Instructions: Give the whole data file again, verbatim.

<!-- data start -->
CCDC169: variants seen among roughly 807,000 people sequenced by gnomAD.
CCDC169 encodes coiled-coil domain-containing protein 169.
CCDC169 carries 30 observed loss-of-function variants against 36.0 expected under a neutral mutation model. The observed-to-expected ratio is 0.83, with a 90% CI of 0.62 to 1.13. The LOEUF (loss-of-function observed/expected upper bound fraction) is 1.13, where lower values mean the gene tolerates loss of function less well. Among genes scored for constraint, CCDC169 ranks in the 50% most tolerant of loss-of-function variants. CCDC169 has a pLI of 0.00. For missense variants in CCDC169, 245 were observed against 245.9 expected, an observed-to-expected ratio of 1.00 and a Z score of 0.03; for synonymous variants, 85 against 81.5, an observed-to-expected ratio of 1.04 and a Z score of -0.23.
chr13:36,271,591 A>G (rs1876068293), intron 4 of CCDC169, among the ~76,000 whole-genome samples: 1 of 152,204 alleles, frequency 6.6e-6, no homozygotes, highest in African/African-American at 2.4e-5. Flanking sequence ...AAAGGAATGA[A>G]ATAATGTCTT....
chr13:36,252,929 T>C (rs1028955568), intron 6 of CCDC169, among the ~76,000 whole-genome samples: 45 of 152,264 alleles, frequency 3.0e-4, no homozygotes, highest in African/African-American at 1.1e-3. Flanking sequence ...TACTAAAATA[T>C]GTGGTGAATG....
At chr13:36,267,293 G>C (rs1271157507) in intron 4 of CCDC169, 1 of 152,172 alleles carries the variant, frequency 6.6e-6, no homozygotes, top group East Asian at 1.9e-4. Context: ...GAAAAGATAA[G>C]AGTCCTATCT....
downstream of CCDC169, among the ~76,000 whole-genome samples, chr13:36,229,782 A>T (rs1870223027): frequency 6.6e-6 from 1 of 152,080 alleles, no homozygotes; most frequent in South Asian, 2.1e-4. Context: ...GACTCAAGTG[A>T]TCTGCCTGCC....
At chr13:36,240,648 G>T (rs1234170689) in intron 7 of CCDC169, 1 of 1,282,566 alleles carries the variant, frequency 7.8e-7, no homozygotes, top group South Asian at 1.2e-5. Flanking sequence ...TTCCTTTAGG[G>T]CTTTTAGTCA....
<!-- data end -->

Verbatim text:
CCDC169: variants seen among roughly 807,000 people sequenced by gnomAD.
CCDC169 encodes coiled-coil domain-containing protein 169.
CCDC169 carries 30 observed loss-of-function variants against 36.0 expected under a neutral mutation model. The observed-to-expected ratio is 0.83, with a 90% CI of 0.62 to 1.13. The LOEUF (loss-of-function observed/expected upper bound fraction) is 1.13, where lower values mean the gene tolerates loss of function less well. Among genes scored for constraint, CCDC169 ranks in the 50% most tolerant of loss-of-function variants. CCDC169 has a pLI of 0.00. For missense variants in CCDC169, 245 were observed against 245.9 expected, an observed-to-expected ratio of 1.00 and a Z score of 0.03; for synonymous variants, 85 against 81.5, an observed-to-expected ratio of 1.04 and a Z score of -0.23.
chr13:36,271,591 A>G (rs1876068293), intron 4 of CCDC169, among the ~76,000 whole-genome samples: 1 of 152,204 alleles, frequency 6.6e-6, no homozygotes, highest in African/African-American at 2.4e-5. Flanking sequence ...AAAGGAATGA[A>G]ATAATGTCTT....
chr13:36,252,929 T>C (rs1028955568), intron 6 of CCDC169, among the ~76,000 whole-genome samples: 45 of 152,264 alleles, frequency 3.0e-4, no homozygotes, highest in African/African-American at 1.1e-3. Flanking sequence ...TACTAAAATA[T>C]GTGGTGAATG....
At chr13:36,267,293 G>C (rs1271157507) in intron 4 of CCDC169, 1 of 152,172 alleles carries the variant, frequency 6.6e-6, no homozygotes, top group East Asian at 1.9e-4. Context: ...GAAAAGATAA[G>C]AGTCCTATCT....
downstream of CCDC169, among the ~76,000 whole-genome samples, chr13:36,229,782 A>T (rs1870223027): frequency 6.6e-6 from 1 of 152,080 alleles, no homozygotes; most frequent in South Asian, 2.1e-4. Context: ...GACTCAAGTG[A>T]TCTGCCTGCC....
At chr13:36,240,648 G>T (rs1234170689) in intron 7 of CCDC169, 1 of 1,282,566 alleles carries the variant, frequency 7.8e-7, no homozygotes, top group South Asian at 1.2e-5. Flanking sequence ...TTCCTTTAGG[G>T]CTTTTAGTCA....